Neptune Pine is a smartphone in a form a watch. It has an extensive set of features that include instant messaging, emails, make and receive phone calls, web browsing, and possesses 2G/3G support, Wi-Fi, and Bluetooth. Yes, these are all possible with the previously introduced versions. Neptune Pine is distinctive in the sense that it has no need for Bluetooth-tethering just so it could work properly and that is its best feature.

In addition to its physical features are the Pulse Counter and a removable camera. Pulse Counter, as you may have guessed, is a real-time heart rate monitor built to cater to your health needs. As for the camera, it can be described as a removable device that mounts to any mobile accessory fit for it which transforms it into a point-of-view (POV) video camera that has the capability to shoot crystal clear, 720p HD videos. What’s more inviting is the embedded 1.2 GHz Snapdragon dual-core processor of Qualcomm to make all its operations run smoothly. Yes, you read that right – there’s that much power in a small device.
This is the smartwatch that has it all. Literally.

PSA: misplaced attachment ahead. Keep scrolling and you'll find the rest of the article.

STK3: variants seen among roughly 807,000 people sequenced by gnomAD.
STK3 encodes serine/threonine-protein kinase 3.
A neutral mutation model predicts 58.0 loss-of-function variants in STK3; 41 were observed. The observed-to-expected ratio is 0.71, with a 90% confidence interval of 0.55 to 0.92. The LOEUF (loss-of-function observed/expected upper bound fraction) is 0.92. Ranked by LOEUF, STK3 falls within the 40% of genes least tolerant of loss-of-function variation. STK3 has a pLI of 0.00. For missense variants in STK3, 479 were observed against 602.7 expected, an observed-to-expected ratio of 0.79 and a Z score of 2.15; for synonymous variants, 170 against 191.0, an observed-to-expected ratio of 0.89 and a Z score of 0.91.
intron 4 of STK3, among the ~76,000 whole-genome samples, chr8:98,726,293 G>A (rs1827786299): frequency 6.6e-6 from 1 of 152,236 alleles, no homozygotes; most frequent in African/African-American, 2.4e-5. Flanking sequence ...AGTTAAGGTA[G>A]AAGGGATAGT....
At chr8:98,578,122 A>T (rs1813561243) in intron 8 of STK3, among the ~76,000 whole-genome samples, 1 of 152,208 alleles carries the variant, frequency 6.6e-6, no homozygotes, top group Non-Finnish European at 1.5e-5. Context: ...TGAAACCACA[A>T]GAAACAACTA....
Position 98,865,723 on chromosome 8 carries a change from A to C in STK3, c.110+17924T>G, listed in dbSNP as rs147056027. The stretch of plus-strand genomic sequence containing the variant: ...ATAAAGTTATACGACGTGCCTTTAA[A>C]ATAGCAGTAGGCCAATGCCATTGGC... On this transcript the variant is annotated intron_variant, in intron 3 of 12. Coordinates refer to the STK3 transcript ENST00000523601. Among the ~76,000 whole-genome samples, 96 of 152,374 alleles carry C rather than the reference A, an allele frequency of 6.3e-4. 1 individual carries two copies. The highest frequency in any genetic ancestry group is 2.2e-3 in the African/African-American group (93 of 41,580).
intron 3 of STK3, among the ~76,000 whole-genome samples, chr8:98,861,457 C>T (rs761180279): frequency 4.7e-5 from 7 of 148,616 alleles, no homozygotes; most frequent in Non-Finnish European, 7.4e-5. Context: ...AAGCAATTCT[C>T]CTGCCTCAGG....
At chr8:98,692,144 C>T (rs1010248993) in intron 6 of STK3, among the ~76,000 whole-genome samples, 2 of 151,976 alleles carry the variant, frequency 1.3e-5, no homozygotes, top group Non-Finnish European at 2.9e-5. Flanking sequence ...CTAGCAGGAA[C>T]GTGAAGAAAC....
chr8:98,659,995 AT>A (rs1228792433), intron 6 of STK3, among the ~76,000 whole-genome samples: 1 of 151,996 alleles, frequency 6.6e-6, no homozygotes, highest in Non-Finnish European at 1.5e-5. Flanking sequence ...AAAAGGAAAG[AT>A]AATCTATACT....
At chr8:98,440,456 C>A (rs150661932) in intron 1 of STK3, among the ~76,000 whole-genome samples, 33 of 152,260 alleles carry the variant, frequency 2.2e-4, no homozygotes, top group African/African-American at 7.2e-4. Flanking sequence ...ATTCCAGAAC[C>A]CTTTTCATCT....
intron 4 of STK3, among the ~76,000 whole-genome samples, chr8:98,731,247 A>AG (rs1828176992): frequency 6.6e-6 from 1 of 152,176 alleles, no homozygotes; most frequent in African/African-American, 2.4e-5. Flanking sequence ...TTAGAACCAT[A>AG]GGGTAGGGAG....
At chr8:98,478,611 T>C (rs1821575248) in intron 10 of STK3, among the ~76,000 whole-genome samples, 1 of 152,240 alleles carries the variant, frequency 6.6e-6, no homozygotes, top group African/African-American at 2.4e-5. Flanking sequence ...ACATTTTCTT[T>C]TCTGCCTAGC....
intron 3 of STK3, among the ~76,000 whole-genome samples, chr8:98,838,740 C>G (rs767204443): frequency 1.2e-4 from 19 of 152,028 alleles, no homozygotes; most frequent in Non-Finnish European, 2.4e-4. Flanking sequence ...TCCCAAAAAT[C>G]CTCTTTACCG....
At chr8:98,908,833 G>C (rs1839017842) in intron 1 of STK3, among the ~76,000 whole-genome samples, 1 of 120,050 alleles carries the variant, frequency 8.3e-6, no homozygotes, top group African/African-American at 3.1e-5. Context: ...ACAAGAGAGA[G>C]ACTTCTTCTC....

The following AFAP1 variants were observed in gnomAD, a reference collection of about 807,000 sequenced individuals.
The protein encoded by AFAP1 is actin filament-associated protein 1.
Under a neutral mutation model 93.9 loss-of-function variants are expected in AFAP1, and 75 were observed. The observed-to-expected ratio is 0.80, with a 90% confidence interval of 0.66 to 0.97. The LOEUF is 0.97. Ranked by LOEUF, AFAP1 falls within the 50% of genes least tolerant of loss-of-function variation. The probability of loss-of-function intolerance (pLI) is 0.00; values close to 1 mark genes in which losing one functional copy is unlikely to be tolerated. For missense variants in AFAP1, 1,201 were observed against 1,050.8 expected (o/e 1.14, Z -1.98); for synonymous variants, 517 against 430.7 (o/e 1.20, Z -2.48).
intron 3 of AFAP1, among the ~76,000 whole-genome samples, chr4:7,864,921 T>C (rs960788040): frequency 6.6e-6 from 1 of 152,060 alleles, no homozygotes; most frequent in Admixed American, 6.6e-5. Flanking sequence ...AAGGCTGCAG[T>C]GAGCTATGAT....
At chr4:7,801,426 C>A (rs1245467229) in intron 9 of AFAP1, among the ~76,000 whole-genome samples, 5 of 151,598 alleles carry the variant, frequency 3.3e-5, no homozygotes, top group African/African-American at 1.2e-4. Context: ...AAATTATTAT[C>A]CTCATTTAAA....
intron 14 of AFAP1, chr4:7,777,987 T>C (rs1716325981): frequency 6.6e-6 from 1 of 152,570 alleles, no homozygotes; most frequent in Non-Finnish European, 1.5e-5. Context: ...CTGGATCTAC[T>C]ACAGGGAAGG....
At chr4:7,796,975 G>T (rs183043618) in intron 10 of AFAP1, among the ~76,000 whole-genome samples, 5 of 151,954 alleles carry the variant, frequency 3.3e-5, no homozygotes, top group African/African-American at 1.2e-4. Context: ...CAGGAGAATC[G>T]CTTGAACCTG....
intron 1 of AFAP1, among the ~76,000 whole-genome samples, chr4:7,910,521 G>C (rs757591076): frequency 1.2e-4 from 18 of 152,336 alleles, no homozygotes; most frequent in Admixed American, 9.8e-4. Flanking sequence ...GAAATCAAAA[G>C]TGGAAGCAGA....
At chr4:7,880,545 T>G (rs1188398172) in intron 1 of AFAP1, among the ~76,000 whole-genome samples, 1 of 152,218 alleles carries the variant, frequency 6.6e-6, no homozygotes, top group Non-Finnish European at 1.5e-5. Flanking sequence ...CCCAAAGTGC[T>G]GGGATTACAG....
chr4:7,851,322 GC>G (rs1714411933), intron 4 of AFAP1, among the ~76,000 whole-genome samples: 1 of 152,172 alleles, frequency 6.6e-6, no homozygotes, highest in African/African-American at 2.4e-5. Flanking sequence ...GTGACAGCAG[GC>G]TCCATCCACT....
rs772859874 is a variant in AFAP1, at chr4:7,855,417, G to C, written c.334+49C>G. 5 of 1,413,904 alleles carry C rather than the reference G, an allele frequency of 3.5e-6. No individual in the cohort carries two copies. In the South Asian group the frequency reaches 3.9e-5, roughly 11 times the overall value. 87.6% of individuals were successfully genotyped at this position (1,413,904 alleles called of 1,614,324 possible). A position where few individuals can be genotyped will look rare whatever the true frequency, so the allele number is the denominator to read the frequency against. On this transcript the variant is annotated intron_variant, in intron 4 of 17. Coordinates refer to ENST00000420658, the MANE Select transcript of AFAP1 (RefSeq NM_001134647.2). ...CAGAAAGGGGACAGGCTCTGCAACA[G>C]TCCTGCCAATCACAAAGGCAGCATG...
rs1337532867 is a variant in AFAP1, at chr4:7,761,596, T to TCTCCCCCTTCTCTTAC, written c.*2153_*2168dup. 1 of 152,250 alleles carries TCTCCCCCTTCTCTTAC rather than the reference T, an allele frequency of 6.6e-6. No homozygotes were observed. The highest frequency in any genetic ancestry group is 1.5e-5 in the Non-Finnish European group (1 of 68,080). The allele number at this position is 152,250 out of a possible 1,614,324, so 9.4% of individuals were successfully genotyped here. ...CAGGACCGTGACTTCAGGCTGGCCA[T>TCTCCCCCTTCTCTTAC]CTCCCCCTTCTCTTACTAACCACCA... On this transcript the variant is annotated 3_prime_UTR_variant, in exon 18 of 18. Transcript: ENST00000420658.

Sunday, March 2, 2014

Are Your Kids into Facebook? Then, Be Wise to Safeguard Them from These

Social media was transformed from just being an avant-garde concept of interaction to the mainstream means of communication in these modern days. In fact, the conventional way of face-to-face communication has been left behind by interactions over the internet. People would rather make online connections rather than real-life ones, and to no avail, this practice is more popular among children.

But how did this impersonal, semi-anonymous means of communication get to be favored more than we have expected? There are a lot of advantages that online interaction can provide. First, a user gets to do whatever he wants because of the limited sense of accountability vested on users of social media. Second, the lack of personal connections can be compensated by the opportunity of exposure over the internet. Or perhaps, others just become users of social media for the purpose of jumping into the bandwagon of having an enriched digital lifestyle.

Whatever the reasons are for being hooked up with this means, we can’t deny the fact that there are dangers to it. And the scariest part of it is that if it has come to affect our children. It is our responsibility as parents to guide them about life—about social media use. And as we all know, it won’t be any healthier to restrict them to use it so. As they say, if you can’t beat them, join them. Given this situation, the best way is to guide them. And so, here are the top 3 Facebook fears and how they can be fixed. Read on.